Television producer Marta Kauffman, who co-created the popular comedy series “Friends” — which over the years has been dubbed the “white version of Living Single” — says she’s “embarrassed” and now understands the complaints behind the show’s lack of diversity. In an apparent effort to right the wrongs of the show’s way, the Hollywood executive is pledging $4 million to her old college for students studying Africa and the African diaspora.
During a zoom interview with the Los Angeles Times, the veteran writer apologized, telling reporters that initially, she felt that criticisms toward the show’s lack of Black or POC actors were unfairly given, but said she’s “learned a lot in the last 20 years.”
“Friends,” which Kauffman co-created with longtime friend David Crane, grew into a cult following as it ran from 1994 to 2004. The series starred actors Jennifer Aniston, Courteney Cox, Lisa Kudrow, Matthew Perry, Matt LeBlanc and David Schwimmer, all of whom are white. The show lasted 10 seasons.
“Admitting and accepting guilt is not easy,” Kauffman told the outlet. “It’s painful looking at yourself in the mirror. I’m embarrassed that I didn’t know better 25 years ago.” The industry veteran shared that her revelation came full force following the murder of George Floyd.
“It was after what happened to George Floyd that I began to wrestle with my having bought into systemic racism in ways I was never aware of,” Kauffman said. “That was really the moment that I began to examine the ways I had participated. I knew then I needed to course-correct.”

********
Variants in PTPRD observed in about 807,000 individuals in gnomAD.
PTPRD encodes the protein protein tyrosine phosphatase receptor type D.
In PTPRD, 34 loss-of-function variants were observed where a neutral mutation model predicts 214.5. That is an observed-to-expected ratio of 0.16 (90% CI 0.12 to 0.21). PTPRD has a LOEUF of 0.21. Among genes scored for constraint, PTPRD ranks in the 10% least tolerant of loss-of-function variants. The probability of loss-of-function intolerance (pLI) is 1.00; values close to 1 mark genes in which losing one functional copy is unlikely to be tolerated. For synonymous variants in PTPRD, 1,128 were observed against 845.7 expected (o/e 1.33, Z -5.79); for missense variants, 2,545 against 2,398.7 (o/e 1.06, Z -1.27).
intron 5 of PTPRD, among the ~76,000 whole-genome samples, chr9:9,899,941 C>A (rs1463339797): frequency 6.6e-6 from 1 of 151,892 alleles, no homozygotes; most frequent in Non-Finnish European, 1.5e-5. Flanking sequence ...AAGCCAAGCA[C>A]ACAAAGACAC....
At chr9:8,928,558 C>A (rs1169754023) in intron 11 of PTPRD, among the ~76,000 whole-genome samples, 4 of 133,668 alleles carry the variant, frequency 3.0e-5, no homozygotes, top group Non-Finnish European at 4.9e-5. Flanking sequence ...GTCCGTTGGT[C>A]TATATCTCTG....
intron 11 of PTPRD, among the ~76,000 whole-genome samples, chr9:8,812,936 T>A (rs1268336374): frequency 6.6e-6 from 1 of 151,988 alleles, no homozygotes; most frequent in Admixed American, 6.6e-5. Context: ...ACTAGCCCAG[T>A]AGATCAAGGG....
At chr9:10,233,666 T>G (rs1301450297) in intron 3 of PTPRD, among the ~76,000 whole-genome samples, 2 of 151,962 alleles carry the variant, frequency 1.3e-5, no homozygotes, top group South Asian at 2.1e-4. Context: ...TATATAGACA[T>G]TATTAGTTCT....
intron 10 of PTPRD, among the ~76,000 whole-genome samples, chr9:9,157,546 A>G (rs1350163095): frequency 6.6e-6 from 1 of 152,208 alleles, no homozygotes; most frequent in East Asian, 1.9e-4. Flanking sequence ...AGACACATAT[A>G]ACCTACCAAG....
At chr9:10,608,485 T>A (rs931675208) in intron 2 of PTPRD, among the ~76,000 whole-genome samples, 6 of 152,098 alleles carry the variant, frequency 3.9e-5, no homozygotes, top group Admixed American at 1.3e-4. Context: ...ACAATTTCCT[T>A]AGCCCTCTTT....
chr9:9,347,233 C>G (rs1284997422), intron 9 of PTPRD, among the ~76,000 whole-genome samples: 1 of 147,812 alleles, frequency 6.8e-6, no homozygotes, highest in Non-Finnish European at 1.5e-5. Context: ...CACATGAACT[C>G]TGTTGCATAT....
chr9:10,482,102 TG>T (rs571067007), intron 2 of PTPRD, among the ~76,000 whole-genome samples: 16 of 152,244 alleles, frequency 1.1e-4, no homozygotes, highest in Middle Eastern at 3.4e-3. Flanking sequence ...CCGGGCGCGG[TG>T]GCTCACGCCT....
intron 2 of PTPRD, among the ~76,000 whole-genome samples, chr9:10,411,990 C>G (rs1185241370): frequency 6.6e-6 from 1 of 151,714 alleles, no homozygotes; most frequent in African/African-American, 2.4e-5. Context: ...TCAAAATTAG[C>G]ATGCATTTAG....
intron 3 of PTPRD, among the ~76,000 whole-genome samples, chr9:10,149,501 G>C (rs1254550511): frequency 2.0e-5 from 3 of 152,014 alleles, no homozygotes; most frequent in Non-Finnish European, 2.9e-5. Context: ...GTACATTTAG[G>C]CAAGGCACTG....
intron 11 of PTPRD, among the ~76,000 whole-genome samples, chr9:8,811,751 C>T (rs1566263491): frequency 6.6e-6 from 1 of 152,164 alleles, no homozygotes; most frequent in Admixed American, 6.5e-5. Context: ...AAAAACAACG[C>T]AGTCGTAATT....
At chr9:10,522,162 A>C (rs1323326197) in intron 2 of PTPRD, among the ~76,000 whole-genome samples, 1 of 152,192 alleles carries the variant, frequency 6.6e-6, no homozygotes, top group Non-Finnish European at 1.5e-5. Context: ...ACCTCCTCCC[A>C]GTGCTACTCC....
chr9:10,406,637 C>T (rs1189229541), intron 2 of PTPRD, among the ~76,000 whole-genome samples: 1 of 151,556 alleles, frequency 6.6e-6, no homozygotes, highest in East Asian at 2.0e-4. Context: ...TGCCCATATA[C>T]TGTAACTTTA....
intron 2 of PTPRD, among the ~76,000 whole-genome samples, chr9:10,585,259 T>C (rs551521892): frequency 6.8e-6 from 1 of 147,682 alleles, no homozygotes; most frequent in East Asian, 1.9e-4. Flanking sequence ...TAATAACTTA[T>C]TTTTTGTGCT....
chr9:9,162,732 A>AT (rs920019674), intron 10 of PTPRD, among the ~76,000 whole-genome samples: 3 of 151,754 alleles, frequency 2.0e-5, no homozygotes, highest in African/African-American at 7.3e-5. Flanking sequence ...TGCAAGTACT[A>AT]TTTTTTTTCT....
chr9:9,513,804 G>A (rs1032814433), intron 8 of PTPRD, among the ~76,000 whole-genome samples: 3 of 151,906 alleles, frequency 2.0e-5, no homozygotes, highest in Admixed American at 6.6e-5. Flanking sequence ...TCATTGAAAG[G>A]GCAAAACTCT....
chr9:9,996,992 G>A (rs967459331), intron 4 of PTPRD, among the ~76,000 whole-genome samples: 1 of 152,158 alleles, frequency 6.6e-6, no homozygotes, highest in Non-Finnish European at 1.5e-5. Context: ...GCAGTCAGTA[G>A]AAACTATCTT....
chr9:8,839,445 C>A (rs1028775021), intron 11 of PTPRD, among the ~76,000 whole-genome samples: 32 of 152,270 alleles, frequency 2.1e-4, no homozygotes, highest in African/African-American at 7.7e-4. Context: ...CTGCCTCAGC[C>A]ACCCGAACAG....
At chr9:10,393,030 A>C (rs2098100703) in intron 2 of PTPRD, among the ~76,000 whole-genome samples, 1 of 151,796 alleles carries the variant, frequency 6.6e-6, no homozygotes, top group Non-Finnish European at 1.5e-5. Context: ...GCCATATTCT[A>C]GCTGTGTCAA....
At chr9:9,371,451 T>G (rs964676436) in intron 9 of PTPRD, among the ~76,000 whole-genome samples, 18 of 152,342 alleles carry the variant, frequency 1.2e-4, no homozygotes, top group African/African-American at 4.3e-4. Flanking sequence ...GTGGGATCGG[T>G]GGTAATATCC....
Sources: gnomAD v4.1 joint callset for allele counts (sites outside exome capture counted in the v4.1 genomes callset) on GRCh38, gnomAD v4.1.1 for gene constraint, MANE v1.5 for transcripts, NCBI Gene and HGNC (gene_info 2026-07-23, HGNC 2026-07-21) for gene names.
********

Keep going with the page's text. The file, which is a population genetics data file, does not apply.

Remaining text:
Kauffman revealed that her newfound understanding pushed her to pledge $4 million to her alma mater, Brandeis University, in Boston. The program will “support a distinguished scholar with a concentration in the study of the peoples and cultures of Africa and the African diaspora,” Variety reported.
It continued, “The gift will also assist the department to recruit more expert scholars and teachers, map long-term academic and research priorities and provide new opportunities for students to engage in interdisciplinary scholarship.”
“It took me a long time to begin to understand how I internalized systemic racism,” she said in a statement to the school. “I’ve been working really hard to become an ally, an anti-racist. And this seemed to me to be a way that I could participate in the conversation from a White woman’s perspective.”
Kauffman said the announcement was positively received and that she’s “gotten nothing but love.” She added “It’s been amazing. It surprised me to some extent because I didn’t expect the news to go this wide. I’ve gotten a flood of emails and texts, and posts that have been nothing but supportive. I’ve gotten a lot of ‘It’s about time.’ Not in a mean way. It’s just people acknowledging it was long overdue.”
Critics also shared their thoughts on Kauffman’s newfound perspective, including one Twitter user who wrote, “Well, at least she admits it… finally.”
Another person wasn’t here for her apology in the slightest. “mam, with all due respect: you did know, you heard the feedback, you read the blog posts and reviews in the paper. you chose to ignore it and act like Living Single didn’t provide your show with a roadmap. you can save your lip service.”